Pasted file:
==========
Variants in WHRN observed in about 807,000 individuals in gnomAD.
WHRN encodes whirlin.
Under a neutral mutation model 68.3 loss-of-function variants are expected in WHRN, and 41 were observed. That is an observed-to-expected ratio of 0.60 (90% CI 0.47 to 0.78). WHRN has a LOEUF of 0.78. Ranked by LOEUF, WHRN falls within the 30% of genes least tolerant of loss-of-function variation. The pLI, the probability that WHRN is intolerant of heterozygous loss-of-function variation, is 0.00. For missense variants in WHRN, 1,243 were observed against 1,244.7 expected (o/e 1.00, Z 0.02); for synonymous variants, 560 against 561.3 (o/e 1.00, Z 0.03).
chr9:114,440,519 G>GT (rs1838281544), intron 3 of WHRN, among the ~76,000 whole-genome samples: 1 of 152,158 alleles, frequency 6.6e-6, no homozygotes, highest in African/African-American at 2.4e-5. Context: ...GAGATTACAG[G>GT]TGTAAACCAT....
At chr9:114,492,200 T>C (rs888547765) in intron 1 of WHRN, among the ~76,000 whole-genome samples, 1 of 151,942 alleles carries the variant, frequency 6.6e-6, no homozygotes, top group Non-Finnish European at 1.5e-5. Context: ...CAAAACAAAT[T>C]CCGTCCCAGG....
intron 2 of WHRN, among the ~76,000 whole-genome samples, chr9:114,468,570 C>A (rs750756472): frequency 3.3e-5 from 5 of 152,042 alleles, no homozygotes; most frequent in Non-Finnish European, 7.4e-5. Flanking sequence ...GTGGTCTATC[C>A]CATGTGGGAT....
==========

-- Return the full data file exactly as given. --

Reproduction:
Variants in WHRN observed in about 807,000 individuals in gnomAD.
WHRN encodes whirlin.
Under a neutral mutation model 68.3 loss-of-function variants are expected in WHRN, and 41 were observed. That is an observed-to-expected ratio of 0.60 (90% CI 0.47 to 0.78). WHRN has a LOEUF of 0.78. Ranked by LOEUF, WHRN falls within the 30% of genes least tolerant of loss-of-function variation. The pLI, the probability that WHRN is intolerant of heterozygous loss-of-function variation, is 0.00. For missense variants in WHRN, 1,243 were observed against 1,244.7 expected (o/e 1.00, Z 0.02); for synonymous variants, 560 against 561.3 (o/e 1.00, Z 0.03).
chr9:114,440,519 G>GT (rs1838281544), intron 3 of WHRN, among the ~76,000 whole-genome samples: 1 of 152,158 alleles, frequency 6.6e-6, no homozygotes, highest in African/African-American at 2.4e-5. Context: ...GAGATTACAG[G>GT]TGTAAACCAT....
At chr9:114,492,200 T>C (rs888547765) in intron 1 of WHRN, among the ~76,000 whole-genome samples, 1 of 151,942 alleles carries the variant, frequency 6.6e-6, no homozygotes, top group Non-Finnish European at 1.5e-5. Context: ...CAAAACAAAT[T>C]CCGTCCCAGG....
intron 2 of WHRN, among the ~76,000 whole-genome samples, chr9:114,468,570 C>A (rs750756472): frequency 3.3e-5 from 5 of 152,042 alleles, no homozygotes; most frequent in Non-Finnish European, 7.4e-5. Flanking sequence ...GTGGTCTATC[C>A]CATGTGGGAT....